OPINION2 May 2023

Crystal clear: What is crystallisation and why should I use it?

Inclusion Opinion

Hannah Griffin-James shares perspectives on how researchers can use crystallisation to uncover multiple aspects of reality and experience.

crystal ball with a sunset in the background

Crystallisation is a tool to establish the quality of research by combining unlimited methods to form a crystal structure. At its core, crystallisation proposes that the researcher uses multi-methods to uncover the multiple perspectives of the reality of the participants.

Denzin and Lincoln [ 1 ] describe the purpose of crystallisation eloquently:

"Like a clear crystal that casts multiple colours, the researchers endeavour to create a strong image of the linked experiences of the participants through comprehensive deliberation and persuasive presentation"

This definition may bring to mind the concept of triangulation, where you use three or more data collection points to infer the research’s validity and credibility. But, critically, crystallisation rejects the simplicity of the triangle as a two-dimensional, fixed, rigid object that requires only three elements.

Crystallisation encourages the researcher to collect data from multiple sources and view these from multiple perspectives to create an image of the participant’s truth. As a tool, crystallisation can be used to ensure credibility throughout the research process, from data collection to presentation of the data.

Richardson [ 2 ] coined the concept of crystallisation, particularly favouring the metaphor of crystallisation, as the crystal is both flexible in its growth and amorphous simultaneously. She believes it is perfect for qualitative research methods as the crystal reflects the external world, refracts the internal, and casts patterns of light out.

Admittedly I am pitching metaphorical concepts against each other, so why am I writing this?

In reflecting on my practice as a quantitative researcher, I identified that the methods I use tend to frame people’s experiences from a positivist perspective – meaning I reduce and objectify people’s experiences and may dismiss critical elements of an individual’s experience.

Adopting this objectifying perspective means that I choose to propose methods that have been attributed a ‘gold standard’ label (eg randomised control trial), and I use the ‘gold standard’ label as a mark of quality.

However, it has long been established that the ‘gold standard’ label is typically attributed to data that is absolute (ie facts or statistics) and reduces and objectifies people’s experiences. Perhaps, on reflection, you do this too? This positivist perspective fits well with some parts of the sector where there is a desire to gather more and more data to support evidence-based decisions. To be clear, I'm not saying this is wrong, but rather that we must be aware of our position.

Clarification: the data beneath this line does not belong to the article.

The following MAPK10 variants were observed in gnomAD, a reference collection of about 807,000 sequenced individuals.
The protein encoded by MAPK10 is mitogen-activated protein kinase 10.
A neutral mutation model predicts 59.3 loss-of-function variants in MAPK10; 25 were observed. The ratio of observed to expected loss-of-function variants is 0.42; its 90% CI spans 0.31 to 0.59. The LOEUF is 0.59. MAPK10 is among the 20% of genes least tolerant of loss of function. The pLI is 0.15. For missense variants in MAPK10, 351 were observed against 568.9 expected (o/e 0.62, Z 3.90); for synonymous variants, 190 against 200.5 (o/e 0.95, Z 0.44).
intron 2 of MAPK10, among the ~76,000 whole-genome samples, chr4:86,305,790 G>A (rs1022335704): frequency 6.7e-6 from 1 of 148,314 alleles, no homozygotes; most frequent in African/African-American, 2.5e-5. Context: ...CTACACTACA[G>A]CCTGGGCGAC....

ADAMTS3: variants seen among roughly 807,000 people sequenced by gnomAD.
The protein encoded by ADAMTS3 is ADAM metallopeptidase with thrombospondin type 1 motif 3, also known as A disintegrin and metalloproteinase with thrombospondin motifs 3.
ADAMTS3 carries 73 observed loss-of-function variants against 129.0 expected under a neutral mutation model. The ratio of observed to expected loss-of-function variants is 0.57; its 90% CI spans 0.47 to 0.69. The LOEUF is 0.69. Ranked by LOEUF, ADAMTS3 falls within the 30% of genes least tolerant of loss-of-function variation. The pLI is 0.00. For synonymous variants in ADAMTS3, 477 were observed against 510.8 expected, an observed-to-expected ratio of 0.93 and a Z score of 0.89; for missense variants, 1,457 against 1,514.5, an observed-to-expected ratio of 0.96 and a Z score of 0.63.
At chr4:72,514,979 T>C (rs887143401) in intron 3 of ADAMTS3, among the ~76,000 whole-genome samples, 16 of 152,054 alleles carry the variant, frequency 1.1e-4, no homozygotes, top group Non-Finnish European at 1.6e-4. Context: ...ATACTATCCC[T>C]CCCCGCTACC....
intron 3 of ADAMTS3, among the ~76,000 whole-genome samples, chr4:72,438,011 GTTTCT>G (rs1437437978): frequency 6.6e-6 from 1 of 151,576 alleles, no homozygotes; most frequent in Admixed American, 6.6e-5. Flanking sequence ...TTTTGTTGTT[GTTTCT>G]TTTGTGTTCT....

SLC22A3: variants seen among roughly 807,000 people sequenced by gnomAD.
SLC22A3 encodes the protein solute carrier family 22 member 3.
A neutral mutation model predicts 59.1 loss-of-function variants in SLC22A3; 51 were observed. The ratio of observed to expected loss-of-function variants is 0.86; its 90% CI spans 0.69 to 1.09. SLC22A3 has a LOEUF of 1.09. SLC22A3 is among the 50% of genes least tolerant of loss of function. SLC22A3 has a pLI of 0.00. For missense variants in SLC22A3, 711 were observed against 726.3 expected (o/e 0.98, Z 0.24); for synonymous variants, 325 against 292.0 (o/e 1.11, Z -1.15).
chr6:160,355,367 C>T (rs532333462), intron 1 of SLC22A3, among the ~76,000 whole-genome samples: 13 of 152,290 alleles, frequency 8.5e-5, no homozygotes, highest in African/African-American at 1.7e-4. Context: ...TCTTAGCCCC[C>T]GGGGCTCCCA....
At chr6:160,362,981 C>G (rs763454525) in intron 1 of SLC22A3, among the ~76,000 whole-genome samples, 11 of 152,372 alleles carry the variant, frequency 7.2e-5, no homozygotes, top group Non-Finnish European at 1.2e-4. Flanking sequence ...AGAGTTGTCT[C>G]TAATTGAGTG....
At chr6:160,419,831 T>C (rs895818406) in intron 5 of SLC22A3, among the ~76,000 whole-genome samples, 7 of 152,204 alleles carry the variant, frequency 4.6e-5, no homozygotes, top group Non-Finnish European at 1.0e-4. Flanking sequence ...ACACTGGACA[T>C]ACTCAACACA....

A growing portion of the sector is exploring the impact of the desire to collect more and more data. I'm particularly thinking about the impact of this desire on people whose voices are consistently marginalised. In research, what the researcher sees depends upon the viewing angle, meaning that their perspective dictates their view of truth.

Therefore, it is essential to consider our position when trying to make our research inclusive. I have shifted my focus as a researcher to think about how I can support inclusion, diversity and equality and how I can be part of accelerating culture change in the sector.

Crystallisation is a tool that supports researchers’ understanding of both their own and their participants’ positionality. Ironically at face value, crystallisation falls into this trap too, with a shared desire to collect more data. However, crystallisation is not seeking statistical significance or large numbers to use as evidence. Instead, it is a tool that supports researchers in generating a better understanding of people’s experiences or values.

I want to acknowledge that much more can be done to accelerate culture change in the sector. Crystallisation is only one concept that can be added to our everyday toolkit as researchers to develop our practice to be more inclusive.

In my opinion, crystallisation is a well-established tool to uncover the multiple perspectives of a person’s reality and view these from multiple perspectives to create a picture of that person’s truth.

Top tips when using crystallisation 

  • Gain more perspectives – this could be by involving others in your research, or you could alter your perspective.

You could involve others by using participatory research methods and collaboration. Don't forget you can also gain more perspectives in the analysis stage, eg round table analysis.

You could alter your perspective by changing lenses. For example, suppose I was analysing data from a focus group with racially minoritised staff members. In that case, I could first consider, "how does the ethnicity of the participant inform what they are describing" then when the data has been thoroughly considered from this perspective, I could ask again, "how does ethnicity insect with other equality areas (gender, disability status etc.) to inform what they are describing".

  • Build into your practice regular reflection of your behaviour, perceptions and understanding.

Rather than reflecting alone, I have found it helpful to write my reflections and then use this to generate prompts to discuss with my team. These prompts have led us to insights and rejuvenated research designs.

Dr Hannah Griffin-James is an evaluation researcher specialising in advanced quantitative analysis.


[ 1 ] Denzin, N. K., & Lincoln, Y. S. (Eds.). ( 2011 ). The Sage handbook of qualitative research. Sage. 

[ 2 ] Richardson, L. ( 2000 ). Writing: A method of inquiry. In N.K Denzin & Y.S Lincoln (Eds). Handbook of qualitative research. ( 2nd ed.). (pp. 959-978 ). Sage.